During the summer of 1967, race riots swept across U.S. cities. Detroit was the scene of one of the worst of these. The State of Black Michigan is a landmark volume that investigates how, since 1967, Michigan's black population has changed, how its interactions with the white community have altered, and, most important, how policymakers can act to further narrow the "equality gap" that continues to persist.
In the wake of the 1967 Detroit riots, in which 43 people were killed, President Lyndon Johnson established the National Advisory Commission on Civil Disorders and posed these questions: What happened? Why did it happen? What can be done to prevent it from happening again? The commission concluded that white racism spurred the violence and that "our society is moving toward two societies, one black, and one white—separate and unequal." The State of Black Michigan takes Johnson's questions further and applies them to Michigan's black citizens today: Are the ingredients of the explosive mixture that erupted in 1967 still present? What differences are there forty years later? Is Michigan in fact a state with two separate and unequal societies? The twenty essays in this volume pursue the answers to these questions by studying a broad range of topics, including socioeconomic inequality, black self-help, black business development, residential segregation, crime, health, and political representation. The essays report and reflect on the racial disparities that still remain.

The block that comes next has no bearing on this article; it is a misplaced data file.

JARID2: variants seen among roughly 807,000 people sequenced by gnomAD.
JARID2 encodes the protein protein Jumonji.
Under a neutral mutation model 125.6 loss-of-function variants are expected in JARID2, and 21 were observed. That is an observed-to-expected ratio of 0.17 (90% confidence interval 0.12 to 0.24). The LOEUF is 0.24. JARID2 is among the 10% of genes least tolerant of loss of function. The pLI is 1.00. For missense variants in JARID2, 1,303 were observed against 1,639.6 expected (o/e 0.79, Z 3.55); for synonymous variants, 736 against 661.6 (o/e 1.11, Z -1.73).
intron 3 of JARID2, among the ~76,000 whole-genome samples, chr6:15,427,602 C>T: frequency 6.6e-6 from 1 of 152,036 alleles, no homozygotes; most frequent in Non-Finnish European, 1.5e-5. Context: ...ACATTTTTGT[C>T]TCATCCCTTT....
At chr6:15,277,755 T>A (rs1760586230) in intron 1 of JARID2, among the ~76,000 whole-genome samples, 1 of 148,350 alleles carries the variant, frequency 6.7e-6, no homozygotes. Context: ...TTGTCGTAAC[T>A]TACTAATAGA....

The State of Black Michigan, 1967–2007 uses the most recent data available and expands on reports the editors published annually between 1984 and 1993 with the Urban Affairs Programs at Michigan State University and the Michigan Council of Urban League Executives. With the goal of racial equality still frustratingly elusive, and with reliable data often difficult to obtain, it is hoped that The State of Black Michigan will serve as a magnet for conversation and debate about race, inequality, and the need for action.